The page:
Friday, September 16, 2005

Shadows a VB Field with CodeDOM

Follow up on my post for help on sgdotnet, I'll post my findings here as well to share with all.

I've got myself the answer from the book "Applied Microsoft .NET framework programming", a good book to read on the foundamentals of .NET framework, at page 176, says:

CLR Term: Newslot
C# Term: new
VB Term: Shadows
Method should not override a virtual method defined by its base type; the method hides the inherited method. Applies only to virtual methods.

So to say, my code should look like this:

Dim spPreExecuteEvent As New CodeMemberEvent
spPreExecuteEvent.Attributes = MemberAttributes.Public Or MemberAttributes.[New]

However, after the CodeDom compile unit generate the code out, I still didn't find my Shadows keyword on the line. Basically, there's an event from the base class that I want this generated class to shadows on, and upon the generation, the codes appear with warning in visual studio saying that a shadows is recommended there.

Anyway, the code still works, but just doesn't look that nice, it isn't perfect!

Let me know if you have any light on this.


ps: it takes me one whole day to find this thing out, now I know how important search technology is, while Google is still the best, here comes the problem of how to search, what keyword to use, etc. If Google had indexed that book, I would have found it 20 hours ago!

Thursday, September 15, 2005

Microsoft Windows Workflow Foundation

Since the beginning of my company's project, we've in mind to build work flow into the system. We've review a few workflow system vendors and it just doesn't seems to suit us as it would require us much customization work and with limitation.

I believe the market for workflow applications is increasing and it does have a direct impact on the efficiency of a business. That would tells why Microsoft is coming into the stage now.

To be released together with WinFX, the Microsoft Windows Workflow Foundation is now available for preview as well as tryout.


Wednesday, September 14, 2005

Convert a string to an enumerated (enum) value

This problem had been prompting up now and then, and finally I got the solution, which I know definately there is one!

Credits to this site

public enum DataState as Integer
Active = 1
Deleted = 2
Archived = 3

It is very easy and good to use enum, as there's intellisense goes with it and nothing will go wrong. But, how about getting the value mapping back to it's enum so that you got a sure run and error free code?

To get back the enum from the value, this is how you'll go with it:

CType([Enum].Parse(GetType(DataState), "Deleted", True), DataState)

*Need to enclose Enum with "[]" to indicate that you are refering to a class instead of the reserved word "enum" which used to declare an enumeration.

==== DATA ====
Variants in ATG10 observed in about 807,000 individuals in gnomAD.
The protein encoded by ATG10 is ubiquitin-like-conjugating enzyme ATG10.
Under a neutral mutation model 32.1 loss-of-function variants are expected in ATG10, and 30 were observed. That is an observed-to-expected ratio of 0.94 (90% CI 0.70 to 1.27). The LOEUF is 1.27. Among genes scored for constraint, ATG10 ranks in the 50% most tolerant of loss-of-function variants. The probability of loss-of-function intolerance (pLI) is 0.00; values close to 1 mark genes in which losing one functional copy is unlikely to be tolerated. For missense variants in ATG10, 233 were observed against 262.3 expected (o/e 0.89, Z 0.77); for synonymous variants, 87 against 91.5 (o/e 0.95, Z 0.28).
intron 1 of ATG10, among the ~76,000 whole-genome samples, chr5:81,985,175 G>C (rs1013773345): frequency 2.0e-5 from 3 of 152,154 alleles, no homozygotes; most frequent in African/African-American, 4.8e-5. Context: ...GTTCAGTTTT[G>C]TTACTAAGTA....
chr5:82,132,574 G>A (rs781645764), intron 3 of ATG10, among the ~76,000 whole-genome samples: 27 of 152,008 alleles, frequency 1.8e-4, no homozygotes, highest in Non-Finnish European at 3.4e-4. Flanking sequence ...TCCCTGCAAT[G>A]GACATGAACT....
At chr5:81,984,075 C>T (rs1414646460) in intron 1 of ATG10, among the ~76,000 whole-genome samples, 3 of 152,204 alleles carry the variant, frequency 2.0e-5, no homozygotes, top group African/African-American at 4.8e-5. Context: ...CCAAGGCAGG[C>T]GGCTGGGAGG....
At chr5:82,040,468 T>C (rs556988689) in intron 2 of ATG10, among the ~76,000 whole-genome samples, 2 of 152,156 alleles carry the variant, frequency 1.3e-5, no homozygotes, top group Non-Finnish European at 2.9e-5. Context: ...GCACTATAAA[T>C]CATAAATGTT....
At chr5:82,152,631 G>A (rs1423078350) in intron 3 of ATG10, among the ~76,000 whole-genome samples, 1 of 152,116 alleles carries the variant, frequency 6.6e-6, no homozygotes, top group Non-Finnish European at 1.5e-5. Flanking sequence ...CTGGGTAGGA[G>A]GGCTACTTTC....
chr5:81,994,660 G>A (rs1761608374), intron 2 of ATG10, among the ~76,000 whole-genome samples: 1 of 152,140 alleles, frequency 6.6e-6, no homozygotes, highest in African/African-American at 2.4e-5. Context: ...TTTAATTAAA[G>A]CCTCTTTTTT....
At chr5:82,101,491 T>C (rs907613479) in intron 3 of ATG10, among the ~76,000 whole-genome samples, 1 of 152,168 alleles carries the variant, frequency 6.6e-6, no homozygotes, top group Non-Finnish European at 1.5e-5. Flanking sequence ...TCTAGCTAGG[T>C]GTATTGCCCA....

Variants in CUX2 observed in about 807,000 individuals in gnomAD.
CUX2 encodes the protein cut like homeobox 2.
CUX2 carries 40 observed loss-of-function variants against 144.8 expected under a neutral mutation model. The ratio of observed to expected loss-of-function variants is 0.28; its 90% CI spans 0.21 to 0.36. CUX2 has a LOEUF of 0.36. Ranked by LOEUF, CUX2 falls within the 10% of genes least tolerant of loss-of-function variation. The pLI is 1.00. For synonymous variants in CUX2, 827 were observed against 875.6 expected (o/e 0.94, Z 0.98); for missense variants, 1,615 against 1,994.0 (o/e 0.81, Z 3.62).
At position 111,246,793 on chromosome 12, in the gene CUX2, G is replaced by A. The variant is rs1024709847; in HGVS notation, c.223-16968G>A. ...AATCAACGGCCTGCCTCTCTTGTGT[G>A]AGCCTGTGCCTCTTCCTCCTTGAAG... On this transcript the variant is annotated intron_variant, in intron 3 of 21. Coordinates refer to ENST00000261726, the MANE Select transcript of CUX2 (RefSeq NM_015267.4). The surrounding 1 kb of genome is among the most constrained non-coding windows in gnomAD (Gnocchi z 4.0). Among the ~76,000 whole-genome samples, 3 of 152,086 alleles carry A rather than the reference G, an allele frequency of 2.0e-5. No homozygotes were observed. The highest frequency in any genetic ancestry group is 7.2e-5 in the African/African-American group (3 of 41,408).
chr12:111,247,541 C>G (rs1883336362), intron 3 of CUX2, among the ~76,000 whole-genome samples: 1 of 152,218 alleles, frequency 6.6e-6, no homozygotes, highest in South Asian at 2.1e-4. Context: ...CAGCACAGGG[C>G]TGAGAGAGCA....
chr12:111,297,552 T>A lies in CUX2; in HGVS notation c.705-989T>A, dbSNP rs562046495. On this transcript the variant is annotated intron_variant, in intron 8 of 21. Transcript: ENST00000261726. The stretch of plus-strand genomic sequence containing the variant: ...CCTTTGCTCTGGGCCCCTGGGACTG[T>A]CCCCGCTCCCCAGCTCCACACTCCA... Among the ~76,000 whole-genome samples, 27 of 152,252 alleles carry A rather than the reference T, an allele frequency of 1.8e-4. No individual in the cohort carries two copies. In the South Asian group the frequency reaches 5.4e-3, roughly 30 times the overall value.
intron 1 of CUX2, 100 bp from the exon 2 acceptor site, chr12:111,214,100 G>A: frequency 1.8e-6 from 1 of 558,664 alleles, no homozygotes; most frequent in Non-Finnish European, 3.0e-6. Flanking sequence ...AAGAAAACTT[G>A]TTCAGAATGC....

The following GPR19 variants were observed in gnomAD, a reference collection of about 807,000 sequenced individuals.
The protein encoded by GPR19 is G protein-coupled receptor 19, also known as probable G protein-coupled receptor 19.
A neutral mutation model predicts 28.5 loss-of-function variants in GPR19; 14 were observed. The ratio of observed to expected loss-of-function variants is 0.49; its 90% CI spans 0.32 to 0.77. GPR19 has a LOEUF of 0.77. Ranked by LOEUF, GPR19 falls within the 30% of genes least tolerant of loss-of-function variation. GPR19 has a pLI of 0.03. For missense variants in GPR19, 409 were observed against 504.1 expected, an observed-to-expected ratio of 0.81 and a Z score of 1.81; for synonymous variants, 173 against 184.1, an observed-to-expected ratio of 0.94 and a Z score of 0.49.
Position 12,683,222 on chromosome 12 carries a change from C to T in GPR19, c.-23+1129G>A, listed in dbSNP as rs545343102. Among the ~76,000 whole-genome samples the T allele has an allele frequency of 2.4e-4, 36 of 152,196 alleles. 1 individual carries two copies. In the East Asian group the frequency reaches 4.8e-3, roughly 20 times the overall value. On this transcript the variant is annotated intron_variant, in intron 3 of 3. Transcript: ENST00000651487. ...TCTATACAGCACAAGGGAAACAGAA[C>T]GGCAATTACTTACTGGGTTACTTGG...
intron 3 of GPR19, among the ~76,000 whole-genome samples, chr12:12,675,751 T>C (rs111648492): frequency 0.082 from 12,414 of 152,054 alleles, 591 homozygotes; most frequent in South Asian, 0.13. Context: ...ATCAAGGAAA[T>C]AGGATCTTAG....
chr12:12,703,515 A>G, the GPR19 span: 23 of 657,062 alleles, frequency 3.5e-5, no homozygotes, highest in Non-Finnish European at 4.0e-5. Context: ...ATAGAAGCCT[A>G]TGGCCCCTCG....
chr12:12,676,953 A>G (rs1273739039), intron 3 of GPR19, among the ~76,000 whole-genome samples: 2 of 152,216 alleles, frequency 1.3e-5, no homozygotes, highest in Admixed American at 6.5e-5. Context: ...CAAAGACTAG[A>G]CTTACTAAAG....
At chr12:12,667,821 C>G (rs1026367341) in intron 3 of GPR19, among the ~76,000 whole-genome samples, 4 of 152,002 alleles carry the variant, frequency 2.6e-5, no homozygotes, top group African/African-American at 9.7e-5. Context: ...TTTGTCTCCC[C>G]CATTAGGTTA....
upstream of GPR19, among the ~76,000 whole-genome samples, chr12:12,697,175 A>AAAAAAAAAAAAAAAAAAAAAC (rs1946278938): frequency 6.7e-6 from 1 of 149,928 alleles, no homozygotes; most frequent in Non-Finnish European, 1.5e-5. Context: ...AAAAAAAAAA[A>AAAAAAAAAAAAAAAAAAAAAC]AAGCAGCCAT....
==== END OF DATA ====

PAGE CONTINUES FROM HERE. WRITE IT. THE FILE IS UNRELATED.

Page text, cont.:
SQL Server 2005 SMO Optimization

While digging the Books Online trying to see what is going on as my SMO program is super slow, Dr.Google lead me to this site.

There's some optimization that you can do to tell the SMO class to retrieve some initial properties of a instance of a SMO class. For convinient, this is a cut-n-paste from the site.

Server svr = new Server();

Database db = svr.Databases["AdventureWorks"];
svr.SetDefaultInitFields(typeof(Table), "CreateDate");
foreach (Table t in db.Tables)
Console.WriteLine(t.Schema + "." + t.Name + " " + t.CreateDate);

By adding this line:
svr.SetDefaultInitFields(typeof(Table), "CreateDate");

It tells the SQL SMO class to retrieve only the specified property (or collection of properties), so that you won't be bloated with lots of SQL statement firing which really slow down the SMO apps.

Well, after all, as the application that I'm doing had to read each table and its columns for its datatypes, thru the Profiler, I can actually see that there's 1 SQL statement being fired for each field in the database, so to say, if I've 120 tables which each tables have more than 8 fields in average, I've to wait for 120*80=960 SQL statements to be fired to get the schema of my database using SMO, that I tell you that took me more than 30 minutes!!

So how? I gave up SMO for this particular app.

What I did finally is to create a Virtual SMO Objects, that means, I create those object but didn't commit it to the database (without firing the .Create()). And using the TSQL querying the system tables, I retrieve all my schema at one go in 1 SQL for each table and fill up the SMO objects. And subsequently, send the SMO objects to my SMO apps. Cool! it works really fast by then.


Monday, September 12, 2005

Generics In-depth

While going thru my code generator for my DAL, I'm looking into optimizing my codes using generics and inheritance so that I can emit a light weight business object with only public variables and associate it with a generic class to make up my DAL.

And while I think generics is just as simple as a "on-the-fly" declaration of type, I'm totally wrong! there's generic method, sub, etc... voila!

And this is the site on, it is really good! a short and nice summary with code samples of the indepth of generics!